Saturday 11 August, 7.30pm
Michael Fowler Centre, Wellington
Wild Cherry Tree is a five-movement symphony with songs telling the story of a wanderer in the Tibetan region of China’s Sichuan Province. The orchestra is explored in many ways to produce sounds that relate feelings of love, desire, enlightenment, and regret. The singers are the makers of a song and tellers of a story, using their vocal range in both a singing and an instrumental capacity.
Mozart’s sunny 1784 concerto was composed for Mozart’s own performance as part of a series of subscription concerts to capitalise on the Viennese public’s enthusiasm for his work. The first movement abounds with themes and the contrast of major and minor tonalities generates an almost operatic sense of drama. The slow movement begins with the simplicity of a song and develops into a gentle dialogue between the orchestra and soloist, while the last movement rondo displays Mozart’s fertile imagination working with counterpoint.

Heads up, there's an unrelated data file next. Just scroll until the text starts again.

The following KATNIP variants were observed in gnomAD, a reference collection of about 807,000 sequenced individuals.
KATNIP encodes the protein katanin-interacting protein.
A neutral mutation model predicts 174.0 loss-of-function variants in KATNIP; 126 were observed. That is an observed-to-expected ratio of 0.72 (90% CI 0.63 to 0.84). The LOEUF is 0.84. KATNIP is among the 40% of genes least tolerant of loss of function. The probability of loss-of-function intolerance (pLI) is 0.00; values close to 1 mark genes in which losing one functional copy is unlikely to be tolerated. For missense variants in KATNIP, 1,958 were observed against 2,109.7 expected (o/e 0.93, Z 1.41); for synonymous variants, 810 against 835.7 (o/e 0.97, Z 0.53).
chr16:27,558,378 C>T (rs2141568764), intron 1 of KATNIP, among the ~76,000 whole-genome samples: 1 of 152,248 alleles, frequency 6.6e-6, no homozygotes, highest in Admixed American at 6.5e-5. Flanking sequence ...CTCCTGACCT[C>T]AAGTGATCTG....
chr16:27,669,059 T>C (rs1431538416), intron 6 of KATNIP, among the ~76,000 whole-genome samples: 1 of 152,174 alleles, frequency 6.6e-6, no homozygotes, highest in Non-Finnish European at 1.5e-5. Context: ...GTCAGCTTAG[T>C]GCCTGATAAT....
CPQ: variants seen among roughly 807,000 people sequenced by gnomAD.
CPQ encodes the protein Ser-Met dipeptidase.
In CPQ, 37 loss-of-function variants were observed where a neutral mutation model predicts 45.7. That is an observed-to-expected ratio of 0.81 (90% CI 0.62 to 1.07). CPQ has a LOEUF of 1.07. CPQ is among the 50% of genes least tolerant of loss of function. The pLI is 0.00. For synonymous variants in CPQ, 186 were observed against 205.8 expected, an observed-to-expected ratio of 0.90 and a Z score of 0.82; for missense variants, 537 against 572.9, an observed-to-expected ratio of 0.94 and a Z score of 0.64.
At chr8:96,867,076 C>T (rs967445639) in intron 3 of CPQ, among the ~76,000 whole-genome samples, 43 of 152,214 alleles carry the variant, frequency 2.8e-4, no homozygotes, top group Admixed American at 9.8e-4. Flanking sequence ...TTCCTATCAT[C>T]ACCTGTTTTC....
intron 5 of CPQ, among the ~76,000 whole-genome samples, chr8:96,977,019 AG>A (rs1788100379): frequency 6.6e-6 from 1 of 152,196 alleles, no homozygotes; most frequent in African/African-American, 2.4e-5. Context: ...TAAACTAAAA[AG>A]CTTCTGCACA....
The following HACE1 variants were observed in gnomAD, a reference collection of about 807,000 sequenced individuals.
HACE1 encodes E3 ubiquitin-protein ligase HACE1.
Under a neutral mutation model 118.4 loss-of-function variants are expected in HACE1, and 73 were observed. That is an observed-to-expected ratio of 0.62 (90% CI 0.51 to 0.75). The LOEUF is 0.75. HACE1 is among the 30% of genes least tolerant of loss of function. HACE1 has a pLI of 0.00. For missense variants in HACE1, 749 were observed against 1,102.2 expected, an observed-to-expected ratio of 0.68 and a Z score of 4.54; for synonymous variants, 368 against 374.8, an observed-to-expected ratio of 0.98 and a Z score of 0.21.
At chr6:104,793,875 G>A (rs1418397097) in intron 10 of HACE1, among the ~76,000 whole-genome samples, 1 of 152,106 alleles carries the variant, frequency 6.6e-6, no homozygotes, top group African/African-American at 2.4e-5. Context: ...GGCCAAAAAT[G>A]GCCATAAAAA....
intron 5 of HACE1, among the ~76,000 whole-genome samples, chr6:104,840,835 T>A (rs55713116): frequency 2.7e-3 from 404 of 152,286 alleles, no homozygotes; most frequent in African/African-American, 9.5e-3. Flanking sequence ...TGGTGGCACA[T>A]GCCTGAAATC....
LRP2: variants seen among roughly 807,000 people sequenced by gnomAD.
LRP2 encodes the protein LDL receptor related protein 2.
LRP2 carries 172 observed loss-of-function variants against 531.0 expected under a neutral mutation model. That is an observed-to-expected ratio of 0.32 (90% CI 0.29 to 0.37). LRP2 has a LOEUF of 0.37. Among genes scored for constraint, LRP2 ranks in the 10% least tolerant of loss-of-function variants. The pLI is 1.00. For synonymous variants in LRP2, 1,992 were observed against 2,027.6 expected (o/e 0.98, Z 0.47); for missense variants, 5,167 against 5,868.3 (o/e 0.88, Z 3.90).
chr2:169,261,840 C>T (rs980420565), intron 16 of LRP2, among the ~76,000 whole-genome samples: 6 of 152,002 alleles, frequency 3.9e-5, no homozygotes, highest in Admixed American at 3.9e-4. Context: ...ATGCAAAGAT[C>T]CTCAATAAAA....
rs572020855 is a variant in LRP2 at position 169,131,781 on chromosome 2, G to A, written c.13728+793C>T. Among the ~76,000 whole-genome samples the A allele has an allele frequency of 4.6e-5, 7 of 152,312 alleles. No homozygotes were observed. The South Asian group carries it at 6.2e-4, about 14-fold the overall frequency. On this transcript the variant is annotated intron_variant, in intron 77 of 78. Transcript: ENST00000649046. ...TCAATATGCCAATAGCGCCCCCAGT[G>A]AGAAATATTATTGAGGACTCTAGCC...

Completed in 1885, Dvořák’s Seventh Symphony was written around the time of his beloved mother’s death and the distressing mental illness of his friend and mentor Smetana. The symphony’s opening is intense. Yet the undertones of tragedy are lifted by fragments of beautiful melody from the woodwinds and horns. The second movement begins with a statement that echoes the simplicity and depth of a Bach chorale. Dvořák transforms this theme in a leisurely and imaginative way, with the clarinets and horns in particular given a chance to shine. The scherzo movement is instantly recognisable as Dvořák’s, with its hopping folk melodies and cross-rhythms. A yearning phrase opens the Finale, which builds up into a furious march through some of Dvořák’s stormiest music.